I have been learning English and this question arose when I was doing some reading.

'not to do but to do' or ' not to do but do', which one is grammartically correct? And I have yet another question to ask: When do we omit 'to' in the infinitive? I wonder if there're some rules.

e.g. As in "the purpose is not to do A but to do B" and "whether to do A or to do B"



2 Answers 2


The word "to" acts as an subordinator, marking the infinitive clause. When two verbs are coordinated together, the subordinator is often only required on the first one.

So you can say "Its purpose is to cut wheat and harvest the grain". The subordinator "to" is not required on the second verb.

You can also use a contrasting coordination "Its purpose is to cut wheat but not harvest the grain". However when you negate the first verb "Its purpose is not to cut wheat but to harvest grain". The "to" helps the meaning but isn't actually essential.


I see "can you provide context? I can't answer until I see where it's being used" far too often. You shouldn't need context for this. The first example "not to do but to do" is correct. The rule is similar to adjectives in lists, ex. stagnant water, sour milk, and wet dogs, in that all words listed should have the same amount and nature of modifiers. If you're using verbs, either all of them or none of them should be preceded by "to." Example:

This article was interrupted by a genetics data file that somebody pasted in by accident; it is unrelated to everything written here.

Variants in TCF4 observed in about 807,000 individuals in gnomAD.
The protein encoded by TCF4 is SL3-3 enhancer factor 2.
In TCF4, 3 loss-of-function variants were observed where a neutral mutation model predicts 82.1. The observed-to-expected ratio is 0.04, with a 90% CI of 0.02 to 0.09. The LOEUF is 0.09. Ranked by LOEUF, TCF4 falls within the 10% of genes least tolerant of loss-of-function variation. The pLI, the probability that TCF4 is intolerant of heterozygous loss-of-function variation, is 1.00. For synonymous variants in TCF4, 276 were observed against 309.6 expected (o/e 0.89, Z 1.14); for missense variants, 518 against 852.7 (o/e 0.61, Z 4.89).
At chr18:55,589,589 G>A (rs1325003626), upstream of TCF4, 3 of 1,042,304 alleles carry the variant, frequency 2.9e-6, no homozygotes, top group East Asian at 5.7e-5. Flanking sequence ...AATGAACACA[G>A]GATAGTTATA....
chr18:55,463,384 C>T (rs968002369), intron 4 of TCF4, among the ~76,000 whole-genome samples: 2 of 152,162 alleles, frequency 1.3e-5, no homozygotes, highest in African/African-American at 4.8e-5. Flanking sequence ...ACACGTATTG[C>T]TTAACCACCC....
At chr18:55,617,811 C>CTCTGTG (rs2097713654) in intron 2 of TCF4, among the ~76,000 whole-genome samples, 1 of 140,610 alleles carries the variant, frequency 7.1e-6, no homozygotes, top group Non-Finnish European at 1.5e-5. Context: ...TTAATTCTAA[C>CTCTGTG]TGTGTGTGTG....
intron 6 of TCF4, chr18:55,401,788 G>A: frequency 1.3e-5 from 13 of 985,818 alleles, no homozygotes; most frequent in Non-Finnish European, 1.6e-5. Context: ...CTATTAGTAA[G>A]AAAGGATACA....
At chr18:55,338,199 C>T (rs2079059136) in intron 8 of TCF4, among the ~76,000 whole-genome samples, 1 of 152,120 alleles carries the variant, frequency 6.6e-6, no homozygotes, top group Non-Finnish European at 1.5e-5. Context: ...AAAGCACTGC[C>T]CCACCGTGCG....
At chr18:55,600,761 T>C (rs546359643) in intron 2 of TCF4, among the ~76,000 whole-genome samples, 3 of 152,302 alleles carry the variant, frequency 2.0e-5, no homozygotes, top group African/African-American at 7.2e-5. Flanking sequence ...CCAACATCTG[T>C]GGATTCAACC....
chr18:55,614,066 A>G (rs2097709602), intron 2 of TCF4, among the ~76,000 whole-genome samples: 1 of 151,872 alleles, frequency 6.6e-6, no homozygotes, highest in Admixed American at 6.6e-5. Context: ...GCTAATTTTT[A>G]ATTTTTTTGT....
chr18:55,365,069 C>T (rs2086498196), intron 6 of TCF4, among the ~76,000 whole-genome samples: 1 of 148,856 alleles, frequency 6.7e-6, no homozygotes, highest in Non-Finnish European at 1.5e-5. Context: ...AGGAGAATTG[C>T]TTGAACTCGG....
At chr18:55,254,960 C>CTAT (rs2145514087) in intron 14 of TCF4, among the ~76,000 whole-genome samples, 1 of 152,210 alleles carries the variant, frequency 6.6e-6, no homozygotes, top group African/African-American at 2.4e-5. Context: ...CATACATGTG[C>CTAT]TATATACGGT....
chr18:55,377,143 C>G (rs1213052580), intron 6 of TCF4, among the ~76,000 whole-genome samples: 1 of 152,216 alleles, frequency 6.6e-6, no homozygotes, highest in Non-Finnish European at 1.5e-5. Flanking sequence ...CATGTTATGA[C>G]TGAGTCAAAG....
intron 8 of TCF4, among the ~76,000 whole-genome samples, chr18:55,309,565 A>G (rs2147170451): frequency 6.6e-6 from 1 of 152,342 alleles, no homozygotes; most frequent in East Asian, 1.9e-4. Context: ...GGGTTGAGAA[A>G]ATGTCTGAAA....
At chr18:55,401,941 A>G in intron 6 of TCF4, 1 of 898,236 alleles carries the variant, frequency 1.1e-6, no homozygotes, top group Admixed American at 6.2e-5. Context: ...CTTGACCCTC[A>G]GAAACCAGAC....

You can choose either to walk or to run, but you will not get there any faster.

  • That's not correct, since in conjuctions the subordinator "to" can be omitted on the second verb. "I want to come and see you" You don't need "To come and to see"
    – James K
    Oct 22, 2023 at 8:39
  • You're right about that example, but would it be right to say "You can choose both to come and see"?
    – Rosy
    Nov 11, 2023 at 14:46

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